Born: 18 September, 1951, in Blackpool
Died: 12 August, 2004, near Eyemouth, aged 52
THE sad, early death of Professor John Clark has robbed the British scientific community of an alert and imaginative mind. Clark had an ability to probe the unknown with rare foresight and insight.
As the director of the Roslin Institute, he carried out ground-breaking research into animal science and biotechnology. His work resulted directly in the birth of two sheep cloned from an adult and was deemed controversial by some in the non- scientific community: the institute, and Clark, often had to answer for its research in the press. However, Clark, a passionate and courteous man, argued with much clarity and dignity in support of his work and stressed the long-term benefits of the projects.
John Clark was educated at Barton Grammar School, in Lincolnshire, and read zoology at Christ’s College, Cambridge. In 1982, after a year travelling, Clark wrote his PhD on Satellite DNA at the Medical Research Council Unit, in Edinburgh. This was well received in academic circles and Clark was immediately asked to join John Bishop’s team at the Institute of Genetics, at Edinburgh University.
With Bishop, Clark mainly did research into the genes in the liver of mice. But in 1985, he was appointed to the Animal Breeding Research Organisation in Edinburgh where he led a team doing research into producing human proteins in sheep’s milk. They concentrated their energies on the production of alpha-I-antitrypsin protein, which is largely used in the treatment of cystic fibrosis.
From an early stage, Clark recognised its potential. He argued that to produce human proteins in an animal’s milk necessitated a manipulation of the DNA when it was introduced to animal embryos. The breakthrough came in 1990 when Clark announced the birth of Tracy. She was the first sheep to produce sufficient quantities of human protein in her milk and was the creation of transgenic technologies.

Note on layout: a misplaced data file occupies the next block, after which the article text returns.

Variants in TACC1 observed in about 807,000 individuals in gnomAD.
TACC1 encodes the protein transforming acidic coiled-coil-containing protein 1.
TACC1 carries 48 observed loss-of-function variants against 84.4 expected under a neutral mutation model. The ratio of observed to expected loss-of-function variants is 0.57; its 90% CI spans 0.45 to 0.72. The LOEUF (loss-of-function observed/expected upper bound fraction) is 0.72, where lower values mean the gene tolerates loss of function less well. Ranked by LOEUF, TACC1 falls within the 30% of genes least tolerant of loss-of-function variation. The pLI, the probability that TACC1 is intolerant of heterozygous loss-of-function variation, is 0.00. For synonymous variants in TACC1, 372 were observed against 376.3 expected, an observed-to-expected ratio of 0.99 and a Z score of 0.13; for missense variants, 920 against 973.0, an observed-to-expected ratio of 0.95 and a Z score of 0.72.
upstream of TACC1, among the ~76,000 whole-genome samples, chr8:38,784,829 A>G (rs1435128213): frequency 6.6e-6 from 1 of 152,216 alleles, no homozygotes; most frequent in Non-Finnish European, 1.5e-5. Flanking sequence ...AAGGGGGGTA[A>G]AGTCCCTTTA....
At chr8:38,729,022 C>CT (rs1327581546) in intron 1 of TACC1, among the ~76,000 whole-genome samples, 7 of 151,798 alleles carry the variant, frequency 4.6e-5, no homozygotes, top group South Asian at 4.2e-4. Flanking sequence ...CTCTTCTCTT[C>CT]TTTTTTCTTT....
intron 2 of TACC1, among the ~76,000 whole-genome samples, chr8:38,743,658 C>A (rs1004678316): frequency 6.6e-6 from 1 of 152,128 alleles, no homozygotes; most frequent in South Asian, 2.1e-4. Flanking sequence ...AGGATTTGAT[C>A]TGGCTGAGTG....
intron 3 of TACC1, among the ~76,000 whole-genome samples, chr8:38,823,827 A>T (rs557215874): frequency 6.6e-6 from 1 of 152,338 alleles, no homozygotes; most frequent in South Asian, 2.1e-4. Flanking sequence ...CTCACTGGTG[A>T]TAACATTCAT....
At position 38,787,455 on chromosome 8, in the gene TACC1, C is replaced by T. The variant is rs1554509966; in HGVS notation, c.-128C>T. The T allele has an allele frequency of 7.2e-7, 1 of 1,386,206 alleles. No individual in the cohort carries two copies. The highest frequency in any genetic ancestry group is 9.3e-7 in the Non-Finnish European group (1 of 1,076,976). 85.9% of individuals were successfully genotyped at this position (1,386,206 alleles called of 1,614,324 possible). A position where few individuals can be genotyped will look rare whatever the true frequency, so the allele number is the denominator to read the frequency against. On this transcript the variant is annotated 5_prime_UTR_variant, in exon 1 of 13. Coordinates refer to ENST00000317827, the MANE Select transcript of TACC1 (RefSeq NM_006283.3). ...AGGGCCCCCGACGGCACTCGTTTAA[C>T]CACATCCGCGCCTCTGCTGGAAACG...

The birth of Tracy established the Roslin Institute as a pioneer in animal biotechnology and also brought Clark to the forefront of the scientific world. He was the acknowledged authority on a completely new form of technology and, when interviewed, spoke in a down-to-earth and direct manner. He was never patronising nor did he give the impression of being a learned academic who found media interviews trivial and unnecessary. On the contrary, he was articulate and charming.
Throughout the early Nineties, Clark developed the cloning techniques and researched further the genetic changes in animals - he had been appointed head of the genetic department in 1993 and oversaw the institute’s advanced and complex programmes researching into human stem cells. In 1996, the institute transplanted the DNA of an adult sheep into an unfertilised eggshell and the result was Dolly the sheep. The birth, again, created worldwide interest and created new opportunities in research and regenerative medicine.
Once again, Clark was thrust into the limelight and he succeeded Professor Grahame Bulfield as director of the Roslin Institute in 2002. Clark, with typical modesty, simply commented that he was "looking forward to the challenge of leading the Institute". His undoubted energies and perceptive thinking led him to create three subsidiaries (PPL Therapeutics, Rosgen and Roslin Biomed).
An American company acquired the last named company in 1999 - thus helping fund further expansion. PPL, which concentrated on a wound sealant, was forced into voluntary liquidation a year ago. Sadly, the Roslin building which had at one time employed over 150 people was put on the market in December of last year.
Although Clark had, with his usual dedication and enthusiasm, recently been carrying out research into the treatment of Parkinson’s Disease, the pressures had obviously taken their toll. He had, it is thought, been suffering from depression and his body was found in the garage of the family cottage at Cove, near Eyemouth.
Prof Clark was appointed an OBE in 1997 and elected a Fellow of the Royal Society of Edinburgh in 1999. He was a man of much patience, courtesy and grace. One of his great pleasures was the remote house he maintained on the Isle of Colonsay, in the Inner Hebrides. There he found the peace and tranquillity to walk and consider many of his scientific projects.
Clark is survived by his wife and their two sons.